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Protector UAV to Make Cross Atlantic to English Air Show

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Historic Trans-Atlantic Flight Planned for New Royal Air Force Aircraft

(Source: Royal Air Force; issued June 25, 2018)


An artist’s impression of the Protector, a new Remotely Piloted Air System (RPAS) ordered for the Royal Air Force which will fly non-stop from the United States to RAF Fairford in the UK on 11 July. (UK MoD photo)


The UK is the lead customer for the next-generation aircraft which will be known as the Protector RG Mk.1 when it enters service in the early 2020’s. Operated at all times by a fully qualified pilot, Protector is the World’s first RPAS to be designed, built and certified against stringent NATO and UK Safety Certification standards equivalent to manned aircraft.

The flight from North Dakota to Gloucestershire is likely to take over 20 hours and will be the first across the Atlantic by a Medium Altitude RPAS and the first time one has entered UK airspace under beyond line-of-sight communication control.

The Minister for Defence Procurement, Guto Bebb MP said: “Protector’s first arrival in the UK is an exciting milestone in our mission to get the most advanced equipment to combat the intensifying threats that we face. With almost double the endurance of its predecessor and armed with the latest missiles and surveillance technology, this unmanned aircraft will not only give us a decisive advantage on the battlefield but will help us reach new heights to keep Britain safe at home and overseas.”

Air Vice-Marshal Rochelle, Chief of Staff Capability said: “The first trans-Atlantic flight of the Protector reinforces the Royal Air Force as being at the forefront of cutting edge technology. Offering over 40 hours’ endurance Protector will provide the RAF with unrivalled intelligence gathering possibilities. The decision to expand our Remotely Piloted Air System (RPAS) fleet with this world leading aircraft will offer a game changing leap in capability and marks the next step in our modernisation in our 100th year.”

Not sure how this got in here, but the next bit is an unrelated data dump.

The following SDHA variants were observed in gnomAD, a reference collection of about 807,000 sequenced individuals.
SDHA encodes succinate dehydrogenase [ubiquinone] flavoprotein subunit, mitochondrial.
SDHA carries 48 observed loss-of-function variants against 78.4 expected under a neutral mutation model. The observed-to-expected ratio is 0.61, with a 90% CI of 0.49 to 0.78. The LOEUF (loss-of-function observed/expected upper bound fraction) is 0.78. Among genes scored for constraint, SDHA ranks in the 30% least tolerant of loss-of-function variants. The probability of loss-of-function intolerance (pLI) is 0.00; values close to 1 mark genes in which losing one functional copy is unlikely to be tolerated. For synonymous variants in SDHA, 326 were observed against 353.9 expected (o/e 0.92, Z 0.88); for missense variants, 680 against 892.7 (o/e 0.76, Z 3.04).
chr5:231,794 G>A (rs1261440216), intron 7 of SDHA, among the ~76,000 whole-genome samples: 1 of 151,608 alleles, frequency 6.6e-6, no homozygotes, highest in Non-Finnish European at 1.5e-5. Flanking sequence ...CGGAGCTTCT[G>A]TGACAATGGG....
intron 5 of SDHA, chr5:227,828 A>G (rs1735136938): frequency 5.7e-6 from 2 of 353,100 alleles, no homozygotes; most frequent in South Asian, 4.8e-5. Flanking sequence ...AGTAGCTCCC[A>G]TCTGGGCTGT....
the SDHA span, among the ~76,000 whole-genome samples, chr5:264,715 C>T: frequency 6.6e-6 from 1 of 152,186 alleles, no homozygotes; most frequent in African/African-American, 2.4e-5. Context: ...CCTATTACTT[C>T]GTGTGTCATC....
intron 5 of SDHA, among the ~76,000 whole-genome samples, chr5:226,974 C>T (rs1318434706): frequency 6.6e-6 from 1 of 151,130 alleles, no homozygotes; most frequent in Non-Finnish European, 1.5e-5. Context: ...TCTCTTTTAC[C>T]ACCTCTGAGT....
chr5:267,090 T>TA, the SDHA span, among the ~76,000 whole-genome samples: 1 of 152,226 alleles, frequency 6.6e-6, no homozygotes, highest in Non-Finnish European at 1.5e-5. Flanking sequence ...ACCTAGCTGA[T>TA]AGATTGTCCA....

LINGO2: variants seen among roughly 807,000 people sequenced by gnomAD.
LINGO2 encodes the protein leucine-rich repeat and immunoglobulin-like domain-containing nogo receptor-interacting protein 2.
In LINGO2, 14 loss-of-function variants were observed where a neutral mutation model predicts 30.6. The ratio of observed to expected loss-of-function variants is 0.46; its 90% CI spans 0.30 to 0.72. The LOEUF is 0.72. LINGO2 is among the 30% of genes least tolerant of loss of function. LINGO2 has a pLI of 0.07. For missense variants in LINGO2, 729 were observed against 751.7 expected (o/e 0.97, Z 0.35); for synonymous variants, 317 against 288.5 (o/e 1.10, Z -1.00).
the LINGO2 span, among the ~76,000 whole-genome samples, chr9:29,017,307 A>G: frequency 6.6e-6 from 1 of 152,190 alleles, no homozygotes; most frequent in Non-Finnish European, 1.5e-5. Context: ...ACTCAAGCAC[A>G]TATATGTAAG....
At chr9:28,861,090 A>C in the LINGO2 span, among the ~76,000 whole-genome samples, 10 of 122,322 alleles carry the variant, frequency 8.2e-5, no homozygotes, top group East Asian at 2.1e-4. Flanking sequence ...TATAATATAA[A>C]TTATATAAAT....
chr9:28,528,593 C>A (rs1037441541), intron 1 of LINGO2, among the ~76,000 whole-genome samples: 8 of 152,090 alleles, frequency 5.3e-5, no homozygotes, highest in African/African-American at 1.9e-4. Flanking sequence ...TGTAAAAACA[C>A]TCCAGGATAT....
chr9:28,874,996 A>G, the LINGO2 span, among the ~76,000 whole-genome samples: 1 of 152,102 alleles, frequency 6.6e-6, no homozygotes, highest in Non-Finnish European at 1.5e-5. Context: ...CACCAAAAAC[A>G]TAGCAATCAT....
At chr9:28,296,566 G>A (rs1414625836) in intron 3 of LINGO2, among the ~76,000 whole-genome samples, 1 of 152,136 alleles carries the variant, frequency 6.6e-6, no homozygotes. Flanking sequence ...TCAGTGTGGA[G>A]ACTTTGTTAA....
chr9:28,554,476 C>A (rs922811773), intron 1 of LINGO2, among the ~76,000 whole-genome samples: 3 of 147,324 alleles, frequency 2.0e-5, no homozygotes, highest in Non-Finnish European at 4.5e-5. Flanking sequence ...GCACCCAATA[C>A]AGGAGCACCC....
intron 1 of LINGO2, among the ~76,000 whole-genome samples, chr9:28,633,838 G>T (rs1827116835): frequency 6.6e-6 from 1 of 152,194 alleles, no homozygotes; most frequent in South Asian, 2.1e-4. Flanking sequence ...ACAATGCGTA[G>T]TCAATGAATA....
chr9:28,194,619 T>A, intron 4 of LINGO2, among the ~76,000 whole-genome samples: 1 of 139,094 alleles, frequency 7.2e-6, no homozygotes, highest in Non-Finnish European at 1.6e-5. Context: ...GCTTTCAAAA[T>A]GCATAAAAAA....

Protector is capable of supporting an array of homeland defence tasks, including Military Aid to Civil Authorities – for example search and rescue, disaster monitoring or flood prevention activities.

Remotely-piloted-air-system

For the first flight across the Atlantic to succeed the RAF provided guidance, advice and supervision of UK airspace procedures.

The aircraft will be placed on static display at the Royal International Air Tattoo, demonstrating a key component of the future of next generation RAF Air Power and UK leadership in this field.

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GA-ASI to Fly First Trans-Atlantic Flight of a MALE RPA

(Source: General Atomics Aeronautical Systems, Inc.; issued June 25, 2018)

SAN DIEGO --- On July 10-11, General Atomics Aeronautical Systems, Inc. (GA‑ASI) plans to make the first-ever trans-Atlantic flight of a Medium-altitude, Long-endurance (MALE) Remotely Piloted Aircraft (RPA).

GA-ASI’s company-owned MQ-9B SkyGuardian RPA is scheduled to fly from the company’s Flight Test and Training Center in Grand Forks, North Dakota, USA, to Royal Air Force (RAF) Fairford in Gloucestershire, UK.

The aircraft will then be on static display July 13-15 for the Royal International Air Tattoo (RIAT) airshow being held at RAF Fairford. The flight and display will commemorate the RAF’s centenary celebration (RAF100).

“GA-ASI is proud to have supported the RAF over the past decade with our MQ-9 Reaper. In honor of the RAF100 celebration, and to demonstrate a new standard in RPA flight endurance, we will fly SkyGuardian across the Atlantic,” said Linden Blue, CEO, GA-ASI. “Given the distinguished 100-year history of the RAF, we believe that this flight is an appropriate way to celebrate the RAF’s position as a leader in innovation.”

In 2017, GA-ASI and the RAF marked the 10-year anniversary of RAF MQ-9 operations, which coincided with the RAF completing 100,000 flight hours with its Reaper force. The entire Reaper fleet has completed over two million flight hours to date and is comprised of over 300 aircraft within the NATO alliance. The RAF is acquiring MQ-9B SkyGuardian as part of its PROTECTOR RG Mk1 program.

MQ-9B is the latest evolution of GA-ASI’s multi-mission Predator® B fleet. GA-ASI named its baseline MQ-9B aircraft SkyGuardian, and the maritime surveillance variant SeaGuardian. MQ-9B is a “certifiable” (STANAG 4671-compliant) version of the MQ-9 Predator B product line. Its development is the result of a five-year, company-funded effort to deliver a RPA that can meet the stringent airworthiness type-certification requirements of various military and civil authorities, including the UK Military Airworthiness Authority (MAA) and the U.S. FAA. Type-certification, together with an extensively tested collision avoidance system, will allow unrestricted operations in all classes of civil airspace.